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Differential Equations

  1. Nov 29, 2005 #1
    I am having trouble starting differential equations it says to find the general solution of such and i dont know where to get started on some of the.

    examples:

    dR
    --- = tan0 0=theta
    d0

    dy
    --- = 3x- 3y
    dx

    i dont want them answered as they are part of my assignment i just want help on how to go about starting to solve them.

    thank you

    Ryan
     
  2. jcsd
  3. Nov 29, 2005 #2
    A solution to a DE means that the value of 'x' or whatever the variable is, satisfies the equation. There can be infinitely many solutions to a DE!

    You should better consult your textbook. Or read Schaum's outline of DEs. I don't think anyone will solve these Qs here for you. We need to know that at least you tried.

    Hint: Separate Variables and Integrate!
     
  4. Nov 29, 2005 #3

    HallsofIvy

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    Staff Emeritus
    Science Advisor

    For the first one, rewrite it as
    [tex]dR= tan(\theta)d\theta[/tex]
    and integrate both sides.

    The second one is a "linear, first order" differential equation and I'll bet your textbook has some detailed information about those!
     
  5. Nov 29, 2005 #4
    ok thanks a lot that helps me out a lot.
     
  6. Nov 29, 2005 #5
    so for the dR = tan(0)d0

    would the answer be:

    y=-ln cos0+c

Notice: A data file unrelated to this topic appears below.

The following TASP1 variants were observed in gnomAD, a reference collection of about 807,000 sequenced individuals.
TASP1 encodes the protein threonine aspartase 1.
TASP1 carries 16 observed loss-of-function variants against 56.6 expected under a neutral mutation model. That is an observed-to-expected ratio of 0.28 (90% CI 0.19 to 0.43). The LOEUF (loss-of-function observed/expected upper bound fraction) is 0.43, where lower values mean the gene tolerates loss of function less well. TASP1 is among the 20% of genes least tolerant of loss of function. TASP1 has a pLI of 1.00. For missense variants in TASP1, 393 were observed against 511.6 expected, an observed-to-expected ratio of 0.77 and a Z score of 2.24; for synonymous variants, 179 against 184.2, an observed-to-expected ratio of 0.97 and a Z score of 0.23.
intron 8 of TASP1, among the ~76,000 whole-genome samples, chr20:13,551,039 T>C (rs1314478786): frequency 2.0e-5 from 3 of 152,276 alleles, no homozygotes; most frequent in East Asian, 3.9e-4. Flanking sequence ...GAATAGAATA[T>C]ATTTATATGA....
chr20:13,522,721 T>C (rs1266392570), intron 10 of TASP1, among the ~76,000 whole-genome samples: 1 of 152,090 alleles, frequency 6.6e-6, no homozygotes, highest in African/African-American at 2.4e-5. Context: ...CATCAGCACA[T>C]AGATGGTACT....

7. Nov 29, 2005 #6
    and for:

    dy
    -- = 3x-3y
    dx

    would the answer be:

    y= ((3x^4)/4) - ((3y^4)/4)
     
  8. Nov 29, 2005 #7
    You can check your answer.

    for example)

    [tex] \frac{dy}{dx} = 3x-3y [/tex]
    This is saying that, a function exists [itex] y [/itex] that when you differentiate it with respect to [itex] x [/itex] then it is equal to [itex] 3x-3y [/itex]

    So how can you check your answer?

    Well your answer is saying that

    [tex] y= \frac{1}{4}3x^4 - \frac{1}{4}3y^4 [/tex]

    So if you differentiate your function.

    [tex] \frac{dy}{dx} = ? [/tex]

    Is that differentiated function equal to the right hand side (the [itex] 3x-3y[/itex])?

    Also what happened to the [itex] c [/itex] (don't forget the constant of integration) when you integrated? A general solution will have infinitely many solutions, so that [itex] c [/itex] is important. Otherwise it is not a general solution.
     
    Last edited: Nov 29, 2005
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